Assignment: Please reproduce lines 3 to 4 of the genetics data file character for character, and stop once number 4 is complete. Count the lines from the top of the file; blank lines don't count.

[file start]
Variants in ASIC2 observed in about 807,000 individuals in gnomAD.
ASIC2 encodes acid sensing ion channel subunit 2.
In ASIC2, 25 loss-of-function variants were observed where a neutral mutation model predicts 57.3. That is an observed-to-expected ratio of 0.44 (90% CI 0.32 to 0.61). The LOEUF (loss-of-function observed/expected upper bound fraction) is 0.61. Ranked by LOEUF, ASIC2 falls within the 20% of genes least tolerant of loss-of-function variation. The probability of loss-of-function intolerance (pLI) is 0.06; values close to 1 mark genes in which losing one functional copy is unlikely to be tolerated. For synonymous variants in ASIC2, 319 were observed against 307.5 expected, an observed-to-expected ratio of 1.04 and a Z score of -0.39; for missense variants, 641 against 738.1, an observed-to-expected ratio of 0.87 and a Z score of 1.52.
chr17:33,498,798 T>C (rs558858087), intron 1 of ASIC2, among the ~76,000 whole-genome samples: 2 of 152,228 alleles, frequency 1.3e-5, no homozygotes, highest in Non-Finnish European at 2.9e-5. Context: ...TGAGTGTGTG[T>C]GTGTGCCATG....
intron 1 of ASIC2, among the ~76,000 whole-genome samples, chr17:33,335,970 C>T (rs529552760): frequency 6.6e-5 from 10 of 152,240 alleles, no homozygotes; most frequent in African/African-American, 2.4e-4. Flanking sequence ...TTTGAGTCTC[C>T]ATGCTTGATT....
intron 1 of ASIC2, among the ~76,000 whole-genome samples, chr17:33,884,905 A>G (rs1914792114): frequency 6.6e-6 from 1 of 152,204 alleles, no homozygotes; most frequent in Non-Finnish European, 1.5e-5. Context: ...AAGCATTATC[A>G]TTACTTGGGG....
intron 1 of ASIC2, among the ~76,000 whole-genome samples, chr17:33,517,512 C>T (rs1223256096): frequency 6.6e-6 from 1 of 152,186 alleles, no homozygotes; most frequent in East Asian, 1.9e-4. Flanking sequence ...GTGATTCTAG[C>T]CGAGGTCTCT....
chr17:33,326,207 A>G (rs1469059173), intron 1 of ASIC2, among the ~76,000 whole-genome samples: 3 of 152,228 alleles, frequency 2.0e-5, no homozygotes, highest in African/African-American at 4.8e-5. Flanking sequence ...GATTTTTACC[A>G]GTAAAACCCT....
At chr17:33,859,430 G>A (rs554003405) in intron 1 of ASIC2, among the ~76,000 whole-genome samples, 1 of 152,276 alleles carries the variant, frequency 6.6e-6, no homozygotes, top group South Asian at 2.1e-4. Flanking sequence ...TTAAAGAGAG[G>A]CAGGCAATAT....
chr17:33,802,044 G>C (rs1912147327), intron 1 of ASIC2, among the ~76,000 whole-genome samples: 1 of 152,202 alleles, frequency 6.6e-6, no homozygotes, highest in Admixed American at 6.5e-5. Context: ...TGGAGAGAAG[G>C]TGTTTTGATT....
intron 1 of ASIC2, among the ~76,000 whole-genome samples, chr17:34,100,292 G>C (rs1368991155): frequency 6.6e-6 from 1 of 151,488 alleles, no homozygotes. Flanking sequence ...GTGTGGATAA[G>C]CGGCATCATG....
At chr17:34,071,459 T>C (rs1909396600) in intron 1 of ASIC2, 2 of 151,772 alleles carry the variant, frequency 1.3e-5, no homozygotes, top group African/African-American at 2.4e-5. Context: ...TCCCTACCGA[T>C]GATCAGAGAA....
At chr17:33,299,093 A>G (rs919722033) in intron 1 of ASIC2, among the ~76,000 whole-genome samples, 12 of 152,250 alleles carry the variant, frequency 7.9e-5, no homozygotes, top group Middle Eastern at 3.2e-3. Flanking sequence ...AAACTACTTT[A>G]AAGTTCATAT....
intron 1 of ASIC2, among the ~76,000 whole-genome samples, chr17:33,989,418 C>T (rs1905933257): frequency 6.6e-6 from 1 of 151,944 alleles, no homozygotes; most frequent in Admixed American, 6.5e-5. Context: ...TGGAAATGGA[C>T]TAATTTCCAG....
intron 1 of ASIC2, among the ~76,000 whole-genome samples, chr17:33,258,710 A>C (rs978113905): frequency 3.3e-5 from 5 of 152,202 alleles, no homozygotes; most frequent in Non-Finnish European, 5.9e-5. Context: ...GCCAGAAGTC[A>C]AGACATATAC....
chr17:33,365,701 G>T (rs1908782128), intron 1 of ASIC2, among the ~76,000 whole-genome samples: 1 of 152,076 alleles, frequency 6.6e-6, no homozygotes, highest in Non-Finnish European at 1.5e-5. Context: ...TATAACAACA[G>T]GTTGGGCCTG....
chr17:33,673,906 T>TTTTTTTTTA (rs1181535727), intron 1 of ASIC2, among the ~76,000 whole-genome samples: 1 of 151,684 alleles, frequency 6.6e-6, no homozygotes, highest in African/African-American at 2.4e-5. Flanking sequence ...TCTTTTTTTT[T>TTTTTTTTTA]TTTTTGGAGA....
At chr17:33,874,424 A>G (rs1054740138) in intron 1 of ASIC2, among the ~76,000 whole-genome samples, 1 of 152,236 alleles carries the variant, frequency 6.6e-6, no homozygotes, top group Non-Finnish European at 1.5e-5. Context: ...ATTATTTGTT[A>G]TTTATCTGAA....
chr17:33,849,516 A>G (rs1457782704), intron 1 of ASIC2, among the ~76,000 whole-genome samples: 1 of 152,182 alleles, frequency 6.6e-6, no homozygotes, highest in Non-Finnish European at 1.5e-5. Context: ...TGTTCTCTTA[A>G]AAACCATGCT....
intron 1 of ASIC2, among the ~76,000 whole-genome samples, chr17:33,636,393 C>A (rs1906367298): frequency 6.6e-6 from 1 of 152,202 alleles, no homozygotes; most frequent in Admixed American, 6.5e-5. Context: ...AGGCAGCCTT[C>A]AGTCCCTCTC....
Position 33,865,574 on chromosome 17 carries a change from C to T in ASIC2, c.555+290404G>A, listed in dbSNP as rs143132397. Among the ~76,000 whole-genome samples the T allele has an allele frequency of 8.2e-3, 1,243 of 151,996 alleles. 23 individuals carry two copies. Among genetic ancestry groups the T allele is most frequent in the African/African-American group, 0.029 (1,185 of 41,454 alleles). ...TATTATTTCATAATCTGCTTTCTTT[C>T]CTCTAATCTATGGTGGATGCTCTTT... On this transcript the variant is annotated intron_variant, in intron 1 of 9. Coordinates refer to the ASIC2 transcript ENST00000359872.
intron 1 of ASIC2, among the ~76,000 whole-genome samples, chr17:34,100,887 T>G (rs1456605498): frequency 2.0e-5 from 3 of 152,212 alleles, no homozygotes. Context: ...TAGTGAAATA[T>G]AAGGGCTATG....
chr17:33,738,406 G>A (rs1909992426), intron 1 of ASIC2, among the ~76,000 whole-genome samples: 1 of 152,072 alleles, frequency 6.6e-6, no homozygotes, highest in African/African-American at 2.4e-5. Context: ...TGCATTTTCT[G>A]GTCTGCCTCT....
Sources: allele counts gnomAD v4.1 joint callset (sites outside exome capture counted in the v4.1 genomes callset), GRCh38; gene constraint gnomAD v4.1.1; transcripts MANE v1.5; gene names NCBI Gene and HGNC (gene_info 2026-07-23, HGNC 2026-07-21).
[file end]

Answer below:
In ASIC2, 25 loss-of-function variants were observed where a neutral mutation model predicts 57.3. That is an observed-to-expected ratio of 0.44 (90% CI 0.32 to 0.61). The LOEUF (loss-of-function observed/expected upper bound fraction) is 0.61. Ranked by LOEUF, ASIC2 falls within the 20% of genes least tolerant of loss-of-function variation. The probability of loss-of-function intolerance (pLI) is 0.06; values close to 1 mark genes in which losing one functional copy is unlikely to be tolerated. For synonymous variants in ASIC2, 319 were observed against 307.5 expected, an observed-to-expected ratio of 1.04 and a Z score of -0.39; for missense variants, 641 against 738.1, an observed-to-expected ratio of 0.87 and a Z score of 1.52.
chr17:33,498,798 T>C (rs558858087), intron 1 of ASIC2, among the ~76,000 whole-genome samples: 2 of 152,228 alleles, frequency 1.3e-5, no homozygotes, highest in Non-Finnish European at 2.9e-5. Context: ...TGAGTGTGTG[T>C]GTGTGCCATG....